Tag Archives: Eddie Vedder

London, Paris, Taormina

Wandering through the streets of Paris, London and Taormina yesterday, I was reminded of our tininess in this world. Well, my tininess, really. I can’t speak for the rest of you. Looking at aerial shots of inner city London, with its mix of ancient and shiny new buildings, I was reminded of an ant midden. So busy, so full.

I headed up The Shard – that name, to me, seems somehow rude – and looked down over London, imagining the little cobbled alleys that hadn’t been gobbled up by tar and pavement and hundreds of thousands of rushing people, exhaust fumes intermingling with the whispers and stories of thousands of years of humans.

In Paris, I did the same, heading up the Eiffel Tower and looking at Paris spread out below, as far as the eye can see, in every direction. There, the humans spoke a softer language, the whispers and stories more passionate and on breath that smelt like croissants and champagne.

Paris Railways and Buses

In both, I wandered from airports to stations to friends’ houses and hotels, weaving through streets in cabs and ducking into the underground tunnels that shunt people around deep in the underbellies of both cities. Familiar station names and unfamiliar ones, all of them enticed me back up into the daylight to see the places, peer down the alleyways and sit at pavement cafes watching, listening, absorbing.

Millenium Bridge (Google Earth Street View)

Back in London, I spent an hour in the Tate Modern, and then walked across the Millenium Bridge, over the Thames toward the golden dome of St Pauls, stopping in the middle to admire that ancient flowing river that coped with the city, welcoming both the living and those tired of living. How many canoodling couples on bridges, children happily chasing pigeons, broken-hearted jumpers and adventurous sailors has that old lady river seen in her time?

Taormina (Google Earth)

In Sicily, I marvelled at ancient ruins and checked out Mount Etna’s plume, before learning the history of Modica’s relationship with chocolate. I spent ages sipping coffee at a seaside café, intrigued by the changing blues of the Mediterranean. Then I plotted the route from our Air BnB to the concert venue – through the beautiful streets of Taormina that’ll be filled with equally-excited (it’s hard to imagine the electricity that’ll create) Eddie Vedder fans. I had to pull myself away. I had things to do.

But I got distracted again, and, I ambled about in Paris some more, finding interesting corners and back streets that had more stories to tell than their parallel, tourist-filled brothers and sisters. I was supposed to be booking shuttles and planning routes without stairs or too many steep, cobbled roads and finding suitable places to stay, because today, in a month, if all goes according to plan, I really will be in London. And then Sicily. And then Paris. And then London again.

I guess I’ll just have to go back today and continue my research. How I love the internet and Google Maps with its Street View. Because that’s half the fun of travelling, isn’t it?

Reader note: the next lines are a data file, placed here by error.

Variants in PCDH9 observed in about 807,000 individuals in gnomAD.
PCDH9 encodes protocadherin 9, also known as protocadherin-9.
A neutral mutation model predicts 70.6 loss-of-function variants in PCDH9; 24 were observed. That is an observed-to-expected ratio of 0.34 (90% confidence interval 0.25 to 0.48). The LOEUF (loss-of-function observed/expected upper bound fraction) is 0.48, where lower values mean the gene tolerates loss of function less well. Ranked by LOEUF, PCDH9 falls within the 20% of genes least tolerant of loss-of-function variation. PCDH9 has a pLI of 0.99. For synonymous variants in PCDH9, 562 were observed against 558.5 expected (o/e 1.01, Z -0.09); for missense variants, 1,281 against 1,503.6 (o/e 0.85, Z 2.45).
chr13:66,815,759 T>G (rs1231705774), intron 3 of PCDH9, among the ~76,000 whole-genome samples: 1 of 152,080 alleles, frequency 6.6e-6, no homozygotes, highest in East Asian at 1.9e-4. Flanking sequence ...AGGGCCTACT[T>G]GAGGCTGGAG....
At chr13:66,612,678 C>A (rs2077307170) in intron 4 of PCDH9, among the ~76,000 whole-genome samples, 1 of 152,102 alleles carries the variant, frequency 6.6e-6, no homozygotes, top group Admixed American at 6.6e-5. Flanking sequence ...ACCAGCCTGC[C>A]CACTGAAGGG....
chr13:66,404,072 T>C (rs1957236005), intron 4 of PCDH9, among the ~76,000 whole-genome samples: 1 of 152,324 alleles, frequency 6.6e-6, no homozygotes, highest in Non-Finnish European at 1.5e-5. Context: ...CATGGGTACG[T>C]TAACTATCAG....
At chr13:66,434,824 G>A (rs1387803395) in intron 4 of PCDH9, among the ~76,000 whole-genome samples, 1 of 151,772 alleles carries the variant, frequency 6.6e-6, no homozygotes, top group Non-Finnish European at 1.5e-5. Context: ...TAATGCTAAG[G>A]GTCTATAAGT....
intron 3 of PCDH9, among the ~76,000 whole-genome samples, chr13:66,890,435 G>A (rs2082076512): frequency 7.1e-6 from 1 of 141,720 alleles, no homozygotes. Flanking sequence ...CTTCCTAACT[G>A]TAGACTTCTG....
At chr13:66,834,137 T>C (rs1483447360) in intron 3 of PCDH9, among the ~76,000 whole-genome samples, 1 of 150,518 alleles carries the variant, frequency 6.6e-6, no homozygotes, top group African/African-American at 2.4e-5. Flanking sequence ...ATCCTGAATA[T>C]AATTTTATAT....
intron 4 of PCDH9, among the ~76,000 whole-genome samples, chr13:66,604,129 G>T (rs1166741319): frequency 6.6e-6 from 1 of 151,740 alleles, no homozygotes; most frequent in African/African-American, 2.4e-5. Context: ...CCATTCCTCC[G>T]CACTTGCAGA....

All the couch travelling you get to do before.

 

Sicily On My Mind

Sicily has never been on my list of ‘Places I Want To Go’. Not that it’s been on my list of ‘Places I Don’t Want To Go’, either (I don’t really have one of those), it’s just not been on my radar at all, really. I come from a travel-lovin’ family. My childhood was filled with back roads, exploring old graveyards and farmhouses, stopping to swim in rivers, look at rocks (my Dad’s a geologist) and follow paths to see where they went.

As a 16-year old, my parents took me on a Whistle Stop Tour of Europe, to open my eyes to the world outside of my Small Town, South Africa. Open my eyes it did, to the splendour of the world and the tinyness of each of us in the greater scheme of things, and the tinyness of the block of time in which we live, and the joy of seeing new places and meeting new people, trying food whose name you don’t understand and whose taste you’ve never experienced, seeing cultures that are so removed from your own, yet, in some ways, comfortingly familiar.

I loved Italy on that Whistle Stop Tour and swore that when I finished school I’d become a plumber and go and live in Venice, because Venice, surely, needs plumbers. I didn’t though, and got swept up by life and all that goes with it and went to university and, and … I didn’t stop travelling and exploring throughout, but  didn’t go to live in Venice. Italy has remained up there on my list, but not Sicily. Sicily never crossed my mind. But now, it’s very much on my mind.

Here I sit, reading my umpteenth article on Sicily, tickets on my desk from Cape Town to London, London into Comiso and two weeks later out of Catania to Paris, then to London, then back home to Cape Town. I now know all about the Mafia, towns with names like Modica, Noto and Ortigia, ancient buildings, beautiful ruins, shining beaches lapped by the Med, and I haven’t, yet, been there. But I’m going. Next month. Next. Month. To Sicily. The place that I’d never really thought about going to.